When housing electronic components outside of a protected data center, look for a cabinet with a NEMA (National Manufacturers’ Association) rating. NEMA standards are designed for corrosion resistance, protection from rain, submersion, liquids, dust, falling objects, and other hazards. There are also NEBS-Telcordia standards for protection against seismic activity, shock, and vibration. Cabinets and racks can also be bolted to the floor for extra stability.

8. Power provisioning
There are multiple options for powering rackmounted equipment. Power strips mount can be mounted vertically or horizontally. Power Distribution Units (PDUs) and Power Managers have additional capabilities such as remote management and metering. Uninterruptible power supplies (UPSs) typically mount in the bottom of a cabinet or rack because of their weight.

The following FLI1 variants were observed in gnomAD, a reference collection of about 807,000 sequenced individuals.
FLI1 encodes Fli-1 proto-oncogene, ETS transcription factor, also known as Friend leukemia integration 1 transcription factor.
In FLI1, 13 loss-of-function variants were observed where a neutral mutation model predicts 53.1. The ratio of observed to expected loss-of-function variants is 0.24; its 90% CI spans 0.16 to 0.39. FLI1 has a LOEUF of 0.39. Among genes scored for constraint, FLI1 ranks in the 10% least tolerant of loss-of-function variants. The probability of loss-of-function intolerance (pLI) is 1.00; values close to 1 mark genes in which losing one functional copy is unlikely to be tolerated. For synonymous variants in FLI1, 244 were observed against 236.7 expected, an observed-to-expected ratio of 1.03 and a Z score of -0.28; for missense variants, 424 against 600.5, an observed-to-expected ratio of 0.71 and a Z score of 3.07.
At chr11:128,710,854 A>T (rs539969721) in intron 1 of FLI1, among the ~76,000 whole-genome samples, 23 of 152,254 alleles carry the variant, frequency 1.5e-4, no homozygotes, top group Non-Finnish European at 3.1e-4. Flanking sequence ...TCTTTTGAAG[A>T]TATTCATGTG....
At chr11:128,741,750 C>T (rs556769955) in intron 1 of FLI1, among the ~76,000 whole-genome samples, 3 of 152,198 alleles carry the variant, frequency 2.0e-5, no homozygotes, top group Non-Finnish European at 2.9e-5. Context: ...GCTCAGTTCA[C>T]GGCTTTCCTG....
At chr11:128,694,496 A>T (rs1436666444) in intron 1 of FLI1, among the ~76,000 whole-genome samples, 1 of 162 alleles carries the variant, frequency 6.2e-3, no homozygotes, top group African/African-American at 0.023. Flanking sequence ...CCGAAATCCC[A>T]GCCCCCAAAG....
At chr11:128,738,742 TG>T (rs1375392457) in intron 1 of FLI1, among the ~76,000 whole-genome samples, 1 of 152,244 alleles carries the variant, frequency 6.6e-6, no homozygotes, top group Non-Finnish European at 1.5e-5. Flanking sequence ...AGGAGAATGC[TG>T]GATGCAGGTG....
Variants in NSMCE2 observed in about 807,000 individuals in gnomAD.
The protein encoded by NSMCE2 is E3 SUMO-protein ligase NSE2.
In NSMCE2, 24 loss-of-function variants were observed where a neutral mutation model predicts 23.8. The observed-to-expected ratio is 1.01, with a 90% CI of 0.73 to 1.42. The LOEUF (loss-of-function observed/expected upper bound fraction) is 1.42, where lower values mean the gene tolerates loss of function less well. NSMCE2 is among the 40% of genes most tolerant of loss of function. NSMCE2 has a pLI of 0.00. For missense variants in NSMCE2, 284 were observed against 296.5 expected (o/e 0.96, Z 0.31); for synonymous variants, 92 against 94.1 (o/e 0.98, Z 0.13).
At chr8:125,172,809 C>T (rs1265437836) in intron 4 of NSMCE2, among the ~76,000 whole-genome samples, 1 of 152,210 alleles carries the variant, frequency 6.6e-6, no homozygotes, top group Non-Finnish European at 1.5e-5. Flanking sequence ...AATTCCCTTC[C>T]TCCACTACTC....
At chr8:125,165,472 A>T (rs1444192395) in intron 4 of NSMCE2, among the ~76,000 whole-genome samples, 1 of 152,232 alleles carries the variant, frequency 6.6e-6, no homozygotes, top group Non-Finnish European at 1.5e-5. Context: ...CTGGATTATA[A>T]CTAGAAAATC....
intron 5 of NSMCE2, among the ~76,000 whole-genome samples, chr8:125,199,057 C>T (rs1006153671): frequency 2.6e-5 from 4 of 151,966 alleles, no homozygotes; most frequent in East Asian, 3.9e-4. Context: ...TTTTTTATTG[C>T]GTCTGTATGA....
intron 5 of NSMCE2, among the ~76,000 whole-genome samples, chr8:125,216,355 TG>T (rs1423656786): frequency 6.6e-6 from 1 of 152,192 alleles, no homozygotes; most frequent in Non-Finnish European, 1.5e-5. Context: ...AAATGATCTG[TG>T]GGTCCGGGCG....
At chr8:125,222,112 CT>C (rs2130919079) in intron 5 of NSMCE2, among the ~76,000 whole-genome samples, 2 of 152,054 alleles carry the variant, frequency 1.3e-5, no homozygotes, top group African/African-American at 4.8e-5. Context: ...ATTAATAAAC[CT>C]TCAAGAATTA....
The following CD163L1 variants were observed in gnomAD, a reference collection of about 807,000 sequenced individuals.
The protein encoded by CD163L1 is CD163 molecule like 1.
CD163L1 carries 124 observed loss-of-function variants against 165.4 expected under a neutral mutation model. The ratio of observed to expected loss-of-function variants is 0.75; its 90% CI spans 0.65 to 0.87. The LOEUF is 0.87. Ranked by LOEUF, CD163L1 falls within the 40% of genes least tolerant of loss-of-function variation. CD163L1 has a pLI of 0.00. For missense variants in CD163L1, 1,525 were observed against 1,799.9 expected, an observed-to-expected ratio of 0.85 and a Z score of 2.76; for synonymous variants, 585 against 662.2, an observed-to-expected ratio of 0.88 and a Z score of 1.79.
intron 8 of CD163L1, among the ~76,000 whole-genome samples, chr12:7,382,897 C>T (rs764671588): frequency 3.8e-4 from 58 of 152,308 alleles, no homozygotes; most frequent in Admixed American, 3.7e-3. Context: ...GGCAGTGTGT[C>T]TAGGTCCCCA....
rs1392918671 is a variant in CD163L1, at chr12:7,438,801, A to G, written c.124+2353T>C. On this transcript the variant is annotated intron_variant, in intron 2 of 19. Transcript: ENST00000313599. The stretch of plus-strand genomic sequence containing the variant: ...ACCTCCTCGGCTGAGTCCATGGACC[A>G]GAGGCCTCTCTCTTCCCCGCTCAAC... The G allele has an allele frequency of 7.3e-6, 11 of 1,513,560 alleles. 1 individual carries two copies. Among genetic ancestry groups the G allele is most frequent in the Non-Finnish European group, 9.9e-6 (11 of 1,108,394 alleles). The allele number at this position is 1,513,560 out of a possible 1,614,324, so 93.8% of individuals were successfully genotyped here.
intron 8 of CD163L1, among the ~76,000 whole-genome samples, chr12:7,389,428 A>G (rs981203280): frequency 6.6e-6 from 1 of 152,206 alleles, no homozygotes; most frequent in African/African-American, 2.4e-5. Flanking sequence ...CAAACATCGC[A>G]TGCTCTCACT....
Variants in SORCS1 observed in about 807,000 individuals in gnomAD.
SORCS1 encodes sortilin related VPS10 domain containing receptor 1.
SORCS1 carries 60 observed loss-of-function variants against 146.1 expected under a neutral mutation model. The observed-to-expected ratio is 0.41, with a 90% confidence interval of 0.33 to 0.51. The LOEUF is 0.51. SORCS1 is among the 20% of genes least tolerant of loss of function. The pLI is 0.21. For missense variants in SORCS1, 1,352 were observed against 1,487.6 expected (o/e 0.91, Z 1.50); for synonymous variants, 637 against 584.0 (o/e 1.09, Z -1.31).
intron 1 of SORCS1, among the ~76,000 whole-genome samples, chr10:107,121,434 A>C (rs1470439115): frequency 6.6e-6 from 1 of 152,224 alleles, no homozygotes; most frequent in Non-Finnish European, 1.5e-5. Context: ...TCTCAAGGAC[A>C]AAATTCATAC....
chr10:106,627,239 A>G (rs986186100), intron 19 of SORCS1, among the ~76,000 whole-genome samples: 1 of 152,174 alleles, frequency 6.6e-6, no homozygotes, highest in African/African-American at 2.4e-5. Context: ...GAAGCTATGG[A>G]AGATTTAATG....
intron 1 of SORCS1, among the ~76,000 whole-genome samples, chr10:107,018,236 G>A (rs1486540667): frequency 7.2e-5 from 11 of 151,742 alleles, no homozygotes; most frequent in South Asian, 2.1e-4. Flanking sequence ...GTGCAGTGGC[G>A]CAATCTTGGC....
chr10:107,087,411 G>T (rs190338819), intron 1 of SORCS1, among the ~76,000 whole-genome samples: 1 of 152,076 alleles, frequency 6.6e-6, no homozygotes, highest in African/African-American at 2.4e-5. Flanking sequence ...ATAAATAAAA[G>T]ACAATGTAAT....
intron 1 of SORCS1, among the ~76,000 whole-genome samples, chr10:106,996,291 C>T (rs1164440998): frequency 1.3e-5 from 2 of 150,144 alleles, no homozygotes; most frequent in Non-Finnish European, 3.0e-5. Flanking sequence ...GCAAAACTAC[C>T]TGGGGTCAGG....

9. Cable management
Most cabinets and racks have built-in cable management troughs and cable rings for routing cable. For more information on cable management, see 9 Ways to Improve Data Center Cable Management.

10. The extras
The type of shelving you choose depends on the equipment you plan to mount. There are multiple options: solid, vented, stationary, and pull-out shelves. And there are shelves built to hold specific pieces of equipment, such as servers or keyboards. Other extras include fans, waterfall brackets, and grounding bars.

Additional Resources
Cabinet Configurator
Six Things To Know When Cooling IT Cabinets

2014 Mega breaches: 5 key takeaways

A new study by the Ponemon Institute outlines how the mega security breaches of 2014 are changing attitudes towards IT security.

The breaches affected the personal records and credit card information of more than 350 million people. The financial toll is estimated to be billions of dollars in cleanup expenses, fraud response costs, lost market valuation, reputation damage, lawsuits, and related expenses. IT managers face mega challenges as they try to protect data containing credit card information, financial transactions, and other personal information.